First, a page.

or retention of for-profit
business/
revolving loan funds
What number of loans financed specific types of economic development activities?
Financing acquisition,                             84 28                                            56                     112
construction, or renovation
of commercial properties
Financing acquisition,                             22 14                                             8                      36
construction, or renovation
of public property
Financing business start up                       106 29                                            77                     135
or retention of for-profit
business/ revolving loan
funds
What percentage of loans financed revolving loan funds?
Financing revolving loan                          6.2 3.7                                           2.5                     9.9
funds-all loans
Financing revolving loan                         45.0 Not applicable
funds-top 20 entitlement
communities
Financing revolving loan                          4.3 Not applicable
funds-non-entitlement
communities
What number of loans financed revolving loan funds?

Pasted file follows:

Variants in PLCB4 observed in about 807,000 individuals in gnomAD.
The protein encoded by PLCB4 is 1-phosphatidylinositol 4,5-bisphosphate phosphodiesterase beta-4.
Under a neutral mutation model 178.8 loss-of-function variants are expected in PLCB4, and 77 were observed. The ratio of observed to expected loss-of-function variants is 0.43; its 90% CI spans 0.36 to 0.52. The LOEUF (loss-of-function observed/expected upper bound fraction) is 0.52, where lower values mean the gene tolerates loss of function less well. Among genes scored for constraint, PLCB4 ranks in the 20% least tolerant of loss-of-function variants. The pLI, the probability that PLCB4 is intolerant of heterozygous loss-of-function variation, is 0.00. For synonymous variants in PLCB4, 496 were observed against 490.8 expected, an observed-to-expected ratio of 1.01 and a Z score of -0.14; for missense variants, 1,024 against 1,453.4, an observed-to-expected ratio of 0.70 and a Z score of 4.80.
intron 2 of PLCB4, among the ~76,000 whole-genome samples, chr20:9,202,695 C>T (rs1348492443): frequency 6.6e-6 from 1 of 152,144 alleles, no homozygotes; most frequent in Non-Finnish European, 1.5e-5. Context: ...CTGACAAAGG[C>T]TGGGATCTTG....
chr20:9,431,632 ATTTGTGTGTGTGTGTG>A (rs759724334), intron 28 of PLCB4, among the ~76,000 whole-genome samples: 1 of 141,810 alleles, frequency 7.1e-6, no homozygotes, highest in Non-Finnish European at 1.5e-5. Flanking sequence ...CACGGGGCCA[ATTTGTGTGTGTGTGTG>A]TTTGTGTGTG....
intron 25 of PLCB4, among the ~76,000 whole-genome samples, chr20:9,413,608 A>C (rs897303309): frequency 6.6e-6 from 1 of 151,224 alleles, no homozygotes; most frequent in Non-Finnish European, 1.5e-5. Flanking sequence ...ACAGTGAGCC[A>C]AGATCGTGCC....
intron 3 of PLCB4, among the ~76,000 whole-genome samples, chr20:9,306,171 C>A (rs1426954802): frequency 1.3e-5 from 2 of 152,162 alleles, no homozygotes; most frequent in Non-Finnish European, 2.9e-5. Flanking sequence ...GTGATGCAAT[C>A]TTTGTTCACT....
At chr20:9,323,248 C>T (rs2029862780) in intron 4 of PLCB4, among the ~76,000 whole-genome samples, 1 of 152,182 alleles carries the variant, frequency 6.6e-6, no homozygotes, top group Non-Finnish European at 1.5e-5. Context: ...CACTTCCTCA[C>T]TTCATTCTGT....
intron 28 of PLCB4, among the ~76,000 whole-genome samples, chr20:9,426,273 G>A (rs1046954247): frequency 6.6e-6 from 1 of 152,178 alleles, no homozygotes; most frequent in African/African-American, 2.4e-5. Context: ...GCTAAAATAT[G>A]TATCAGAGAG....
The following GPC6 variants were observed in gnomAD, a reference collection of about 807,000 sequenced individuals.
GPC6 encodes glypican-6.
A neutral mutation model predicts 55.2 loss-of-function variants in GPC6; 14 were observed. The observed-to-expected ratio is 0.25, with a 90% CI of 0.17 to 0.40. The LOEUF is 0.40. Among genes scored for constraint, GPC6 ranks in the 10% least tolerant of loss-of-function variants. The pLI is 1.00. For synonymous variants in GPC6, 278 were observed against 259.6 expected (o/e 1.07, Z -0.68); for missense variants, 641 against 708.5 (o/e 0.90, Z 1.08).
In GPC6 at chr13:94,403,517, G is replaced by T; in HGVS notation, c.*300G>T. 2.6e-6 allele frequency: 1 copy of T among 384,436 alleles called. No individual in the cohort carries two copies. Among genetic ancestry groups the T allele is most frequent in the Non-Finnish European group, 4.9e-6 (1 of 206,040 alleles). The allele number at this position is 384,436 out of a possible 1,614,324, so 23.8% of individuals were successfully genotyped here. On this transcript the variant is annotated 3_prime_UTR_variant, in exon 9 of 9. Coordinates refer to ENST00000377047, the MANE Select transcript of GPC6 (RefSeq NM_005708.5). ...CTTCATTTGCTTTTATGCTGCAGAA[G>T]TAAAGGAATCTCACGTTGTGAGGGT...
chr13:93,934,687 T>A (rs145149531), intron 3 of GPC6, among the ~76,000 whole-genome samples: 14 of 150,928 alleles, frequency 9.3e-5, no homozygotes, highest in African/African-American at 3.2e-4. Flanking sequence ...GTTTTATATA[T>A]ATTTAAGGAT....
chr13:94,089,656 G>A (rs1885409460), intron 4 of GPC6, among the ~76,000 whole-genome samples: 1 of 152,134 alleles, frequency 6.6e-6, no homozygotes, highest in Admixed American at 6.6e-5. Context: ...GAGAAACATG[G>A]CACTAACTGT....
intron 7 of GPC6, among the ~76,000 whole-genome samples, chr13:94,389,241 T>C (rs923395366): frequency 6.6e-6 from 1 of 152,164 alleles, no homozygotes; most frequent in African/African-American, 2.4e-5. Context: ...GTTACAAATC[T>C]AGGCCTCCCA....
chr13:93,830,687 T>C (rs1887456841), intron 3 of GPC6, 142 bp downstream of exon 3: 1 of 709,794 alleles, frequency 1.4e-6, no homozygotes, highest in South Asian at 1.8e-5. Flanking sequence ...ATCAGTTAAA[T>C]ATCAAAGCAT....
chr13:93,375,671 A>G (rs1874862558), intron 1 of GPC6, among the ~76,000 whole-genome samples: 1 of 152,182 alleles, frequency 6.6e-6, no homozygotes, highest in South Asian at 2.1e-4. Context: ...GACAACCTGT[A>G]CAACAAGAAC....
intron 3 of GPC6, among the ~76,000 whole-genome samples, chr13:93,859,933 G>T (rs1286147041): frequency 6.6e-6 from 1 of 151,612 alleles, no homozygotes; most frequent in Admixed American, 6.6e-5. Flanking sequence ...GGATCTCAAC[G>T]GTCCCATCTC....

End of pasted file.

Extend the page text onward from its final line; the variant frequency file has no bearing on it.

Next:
Financing revolving loan                           19 12                                             7                      31
funds-all loans
Financing revolving loan                               9 Not applicable
funds-top 20 entitlement
communities
Financing revolving loan                               1 Not applicable
funds-non-entitlement
communities
What percentage of loans received reviews?
Receiving technical                              24.2 8.8                                          15.4                    33.0
assistance
Receiving an on-site                             29.4 8.6                                          20.8                    38.0
inspection
Receiving an annual                              54.9 9.6                                          45.3                    64.5
in-house assessment
Receiving another type of                         7.9 5.4                                           2.5                    13.3
review
                                                                                                                    (continued)


                                             Page 36                       GAO/RCED-97-195 HUD’s Economic Development Loan Fund
                                              Appendix III
                                              Estimates and Related Sampling Errors for
                                              Projected Data




                                                                                                   Confidence interval
Description                                  Estimate Sampling error                                   From                          To
For the field offices that do not routinely include a review of Economic Development Loan Fund loans, what is the percentage of loans
for which those field offices are responsible?